An eccentric millionaire invites five complete strangers to a gathering in a haunted mansion, infamous as the site of several murders in its 100-year history. The bait: anyone who manages to stay all night will be rewarded with $10,000–or their survivors will get the money, should they fall prey to the tormented spirits of the house’s previous victims. Of course, anyone offering that much incentive (it’s somewhere north of $720,000 in 2010 money) must have an ulterior motive, and our host’s is the darkest motive of all: murder.
In preparation for the Peril on the Screen challenge, we’ve piled up a half-dozen or so Vincent Price movies. I first thought to watch them all back-to-back today; averaging under 90 minutes apiece, it would long, but do-able. However, having just watched the first, I’m going to opt for Plan B: one classic Vincent Price horror flick a week for the duration of the RIP V Challenge. The same things that make me nostalgic for Price movies (the camp, the cheese, the scenery-chewing), make them best enjoyed in small doses.
Today’s selection was The House on Haunted Hill (1959), and oh my, was it a cheese-fest! Before we started it, we had some discussion about the difference between “camp” and “cheese”, as they relate to B-grade horror movies, and this movie drew the line for us perfectly. The credits were all camp: knowingly over the top with their melodramatic pronouncements of doom. The film itself was pure cheese, as the whole cast played their ridiculous roles with perfect sincerity. Even Vincent intoned his speeches, dripping though they were with delicious melted cheddar, in a deadly serious manner. It was a delight.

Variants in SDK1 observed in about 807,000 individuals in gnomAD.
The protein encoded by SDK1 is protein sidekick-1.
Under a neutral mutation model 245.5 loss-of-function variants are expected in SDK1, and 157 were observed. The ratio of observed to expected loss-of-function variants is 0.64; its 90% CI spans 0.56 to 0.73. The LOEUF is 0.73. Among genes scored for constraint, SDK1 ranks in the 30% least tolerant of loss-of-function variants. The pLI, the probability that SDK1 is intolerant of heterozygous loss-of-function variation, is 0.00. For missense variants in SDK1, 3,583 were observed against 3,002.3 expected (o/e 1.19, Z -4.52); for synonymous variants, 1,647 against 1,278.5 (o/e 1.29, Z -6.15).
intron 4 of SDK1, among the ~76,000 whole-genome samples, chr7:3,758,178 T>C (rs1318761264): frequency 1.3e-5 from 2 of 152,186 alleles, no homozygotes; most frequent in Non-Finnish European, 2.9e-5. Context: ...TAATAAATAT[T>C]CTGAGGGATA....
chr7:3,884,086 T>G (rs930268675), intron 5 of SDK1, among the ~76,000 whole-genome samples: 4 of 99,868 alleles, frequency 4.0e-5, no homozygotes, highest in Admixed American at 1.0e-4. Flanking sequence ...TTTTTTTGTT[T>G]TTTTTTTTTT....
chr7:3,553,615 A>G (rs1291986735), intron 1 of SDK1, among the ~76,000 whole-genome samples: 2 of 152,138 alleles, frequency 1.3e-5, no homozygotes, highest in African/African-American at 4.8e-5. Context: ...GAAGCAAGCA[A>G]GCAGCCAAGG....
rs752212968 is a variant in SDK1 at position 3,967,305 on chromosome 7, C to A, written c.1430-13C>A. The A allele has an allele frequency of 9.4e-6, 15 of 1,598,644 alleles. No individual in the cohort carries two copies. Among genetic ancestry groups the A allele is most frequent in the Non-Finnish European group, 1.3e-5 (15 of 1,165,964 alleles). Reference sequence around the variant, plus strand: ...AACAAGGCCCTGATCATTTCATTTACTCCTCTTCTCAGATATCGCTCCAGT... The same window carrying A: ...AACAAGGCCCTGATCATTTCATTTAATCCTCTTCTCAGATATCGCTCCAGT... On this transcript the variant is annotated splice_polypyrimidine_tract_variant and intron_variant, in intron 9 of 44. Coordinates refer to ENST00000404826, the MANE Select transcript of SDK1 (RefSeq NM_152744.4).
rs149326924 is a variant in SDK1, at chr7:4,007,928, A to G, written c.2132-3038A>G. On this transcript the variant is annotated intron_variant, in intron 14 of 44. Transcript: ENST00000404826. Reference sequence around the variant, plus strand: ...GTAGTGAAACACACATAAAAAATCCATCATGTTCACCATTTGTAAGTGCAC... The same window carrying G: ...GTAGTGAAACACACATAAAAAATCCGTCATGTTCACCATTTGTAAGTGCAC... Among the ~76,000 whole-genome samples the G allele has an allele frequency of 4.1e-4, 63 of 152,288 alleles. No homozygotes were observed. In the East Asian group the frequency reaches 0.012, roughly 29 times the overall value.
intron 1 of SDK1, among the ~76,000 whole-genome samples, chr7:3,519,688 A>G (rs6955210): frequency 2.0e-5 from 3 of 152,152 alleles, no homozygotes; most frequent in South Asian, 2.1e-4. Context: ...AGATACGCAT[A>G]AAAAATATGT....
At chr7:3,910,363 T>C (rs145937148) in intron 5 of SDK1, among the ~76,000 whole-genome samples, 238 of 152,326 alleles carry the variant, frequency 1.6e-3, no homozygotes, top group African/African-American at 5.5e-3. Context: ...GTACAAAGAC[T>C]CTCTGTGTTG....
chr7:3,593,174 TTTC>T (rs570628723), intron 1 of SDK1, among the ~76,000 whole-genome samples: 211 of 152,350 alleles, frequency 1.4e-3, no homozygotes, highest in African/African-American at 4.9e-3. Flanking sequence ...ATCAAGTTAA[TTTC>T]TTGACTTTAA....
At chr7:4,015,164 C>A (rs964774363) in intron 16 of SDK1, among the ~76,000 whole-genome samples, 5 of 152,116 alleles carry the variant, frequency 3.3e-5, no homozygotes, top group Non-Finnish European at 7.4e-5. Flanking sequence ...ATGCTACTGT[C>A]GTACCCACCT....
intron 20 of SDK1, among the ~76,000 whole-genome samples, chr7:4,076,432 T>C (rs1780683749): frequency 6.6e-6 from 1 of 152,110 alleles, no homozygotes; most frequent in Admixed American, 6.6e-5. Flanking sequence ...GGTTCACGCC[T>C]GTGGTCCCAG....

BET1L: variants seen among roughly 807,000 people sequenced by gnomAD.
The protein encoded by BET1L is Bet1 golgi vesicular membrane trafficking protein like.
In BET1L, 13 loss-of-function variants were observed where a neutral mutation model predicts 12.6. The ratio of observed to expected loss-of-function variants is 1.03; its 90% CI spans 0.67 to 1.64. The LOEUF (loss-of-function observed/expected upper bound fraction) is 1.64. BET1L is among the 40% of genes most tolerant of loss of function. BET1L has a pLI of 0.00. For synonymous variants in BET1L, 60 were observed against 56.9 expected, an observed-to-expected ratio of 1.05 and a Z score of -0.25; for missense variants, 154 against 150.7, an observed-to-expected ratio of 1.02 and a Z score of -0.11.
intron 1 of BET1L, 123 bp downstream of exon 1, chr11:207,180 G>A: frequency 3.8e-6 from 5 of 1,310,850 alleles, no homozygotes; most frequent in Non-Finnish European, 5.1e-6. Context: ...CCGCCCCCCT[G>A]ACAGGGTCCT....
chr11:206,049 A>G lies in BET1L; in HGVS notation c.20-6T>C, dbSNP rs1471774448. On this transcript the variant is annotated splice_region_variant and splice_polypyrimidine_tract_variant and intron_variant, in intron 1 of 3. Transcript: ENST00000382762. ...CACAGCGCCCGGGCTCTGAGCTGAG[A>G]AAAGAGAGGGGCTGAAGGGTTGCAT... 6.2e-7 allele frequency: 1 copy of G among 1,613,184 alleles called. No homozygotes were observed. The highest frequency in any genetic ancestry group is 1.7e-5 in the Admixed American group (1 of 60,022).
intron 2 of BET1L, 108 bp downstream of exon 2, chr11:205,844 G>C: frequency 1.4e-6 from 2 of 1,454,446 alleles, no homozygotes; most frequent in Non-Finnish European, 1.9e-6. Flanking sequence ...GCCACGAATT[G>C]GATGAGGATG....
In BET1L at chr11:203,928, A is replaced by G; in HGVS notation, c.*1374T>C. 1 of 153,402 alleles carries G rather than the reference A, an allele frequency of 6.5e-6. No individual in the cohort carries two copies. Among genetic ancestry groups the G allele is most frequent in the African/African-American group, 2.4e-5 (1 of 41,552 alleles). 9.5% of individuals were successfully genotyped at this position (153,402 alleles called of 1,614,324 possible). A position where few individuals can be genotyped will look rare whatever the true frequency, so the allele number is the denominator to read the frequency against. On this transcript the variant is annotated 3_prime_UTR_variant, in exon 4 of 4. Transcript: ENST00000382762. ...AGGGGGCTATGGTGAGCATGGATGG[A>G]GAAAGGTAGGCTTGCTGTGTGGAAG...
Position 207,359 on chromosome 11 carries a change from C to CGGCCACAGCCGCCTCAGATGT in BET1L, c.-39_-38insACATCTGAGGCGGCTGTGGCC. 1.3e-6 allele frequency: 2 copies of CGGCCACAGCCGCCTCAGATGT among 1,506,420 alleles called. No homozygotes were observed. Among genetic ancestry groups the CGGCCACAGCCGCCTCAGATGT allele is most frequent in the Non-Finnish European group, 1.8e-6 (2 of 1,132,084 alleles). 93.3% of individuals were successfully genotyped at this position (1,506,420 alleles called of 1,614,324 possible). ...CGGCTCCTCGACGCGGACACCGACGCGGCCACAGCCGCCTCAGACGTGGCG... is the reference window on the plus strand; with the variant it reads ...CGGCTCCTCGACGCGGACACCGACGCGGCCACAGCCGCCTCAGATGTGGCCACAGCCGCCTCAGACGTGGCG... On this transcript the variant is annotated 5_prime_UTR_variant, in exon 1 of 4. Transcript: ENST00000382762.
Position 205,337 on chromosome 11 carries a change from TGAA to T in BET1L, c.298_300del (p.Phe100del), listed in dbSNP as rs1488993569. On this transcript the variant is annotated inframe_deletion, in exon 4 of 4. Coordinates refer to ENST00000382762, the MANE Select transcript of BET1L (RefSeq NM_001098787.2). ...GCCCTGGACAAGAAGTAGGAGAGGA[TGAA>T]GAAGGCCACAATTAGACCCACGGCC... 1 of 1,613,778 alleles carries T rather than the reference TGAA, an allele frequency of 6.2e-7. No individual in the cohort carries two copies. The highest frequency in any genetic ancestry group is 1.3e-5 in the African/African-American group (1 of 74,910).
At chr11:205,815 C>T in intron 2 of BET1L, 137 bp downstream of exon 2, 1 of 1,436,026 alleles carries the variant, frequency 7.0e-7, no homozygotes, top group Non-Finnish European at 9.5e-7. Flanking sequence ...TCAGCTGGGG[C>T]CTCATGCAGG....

There were a couple of gotcha! moments that made me jump, but the movie never worked up a real sense of dread, and the ‘ghastly’ props inspired more giggles than shrieks. The movie makes the mistake of trying to explain a few of its manifestations, poorly. For instance: okay, so the ghoulish woman who pops up behind the ingénue in the cellar a few times is actually the caretaker’s blind wife–that explains how and why she was bumping around in the dark, but not why the hero didn’t see her when he must have walked right past her–nor why she was moving as though strapped to a Roomba, her hands held up before her in grasping claws. Nor, for that matter, why she had no reaction to the heroine’s brain-clawing shrieks every time she appeared.
In an effort to keep the audience guessing, the plot all but ties itself in knots; the lapses in logic grow larger with every new revelation. But no matter: we don’t watch these things for the lucidity of their plots. We watch them for the gasp and the giggle, and most of all for Vincent Price’s inimitable screen presence. This movie is packed with all of them, so by all means, give it a spin.